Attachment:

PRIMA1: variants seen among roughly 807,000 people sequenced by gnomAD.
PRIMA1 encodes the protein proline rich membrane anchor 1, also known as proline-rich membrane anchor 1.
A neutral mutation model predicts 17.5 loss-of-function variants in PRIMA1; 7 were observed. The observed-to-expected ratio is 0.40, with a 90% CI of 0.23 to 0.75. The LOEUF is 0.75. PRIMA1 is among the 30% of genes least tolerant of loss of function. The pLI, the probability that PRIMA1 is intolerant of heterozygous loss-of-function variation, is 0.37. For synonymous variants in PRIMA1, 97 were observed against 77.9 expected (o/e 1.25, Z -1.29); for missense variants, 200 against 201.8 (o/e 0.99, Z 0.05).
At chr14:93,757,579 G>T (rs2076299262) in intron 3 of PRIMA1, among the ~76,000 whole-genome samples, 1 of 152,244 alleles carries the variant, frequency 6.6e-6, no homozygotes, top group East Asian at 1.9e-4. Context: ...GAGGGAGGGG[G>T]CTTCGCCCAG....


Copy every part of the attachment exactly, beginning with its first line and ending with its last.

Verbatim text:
PRIMA1: variants seen among roughly 807,000 people sequenced by gnomAD.
PRIMA1 encodes the protein proline rich membrane anchor 1, also known as proline-rich membrane anchor 1.
A neutral mutation model predicts 17.5 loss-of-function variants in PRIMA1; 7 were observed. The observed-to-expected ratio is 0.40, with a 90% CI of 0.23 to 0.75. The LOEUF is 0.75. PRIMA1 is among the 30% of genes least tolerant of loss of function. The pLI, the probability that PRIMA1 is intolerant of heterozygous loss-of-function variation, is 0.37. For synonymous variants in PRIMA1, 97 were observed against 77.9 expected (o/e 1.25, Z -1.29); for missense variants, 200 against 201.8 (o/e 0.99, Z 0.05).
At chr14:93,757,579 G>T (rs2076299262) in intron 3 of PRIMA1, among the ~76,000 whole-genome samples, 1 of 152,244 alleles carries the variant, frequency 6.6e-6, no homozygotes, top group East Asian at 1.9e-4. Context: ...GAGGGAGGGG[G>T]CTTCGCCCAG....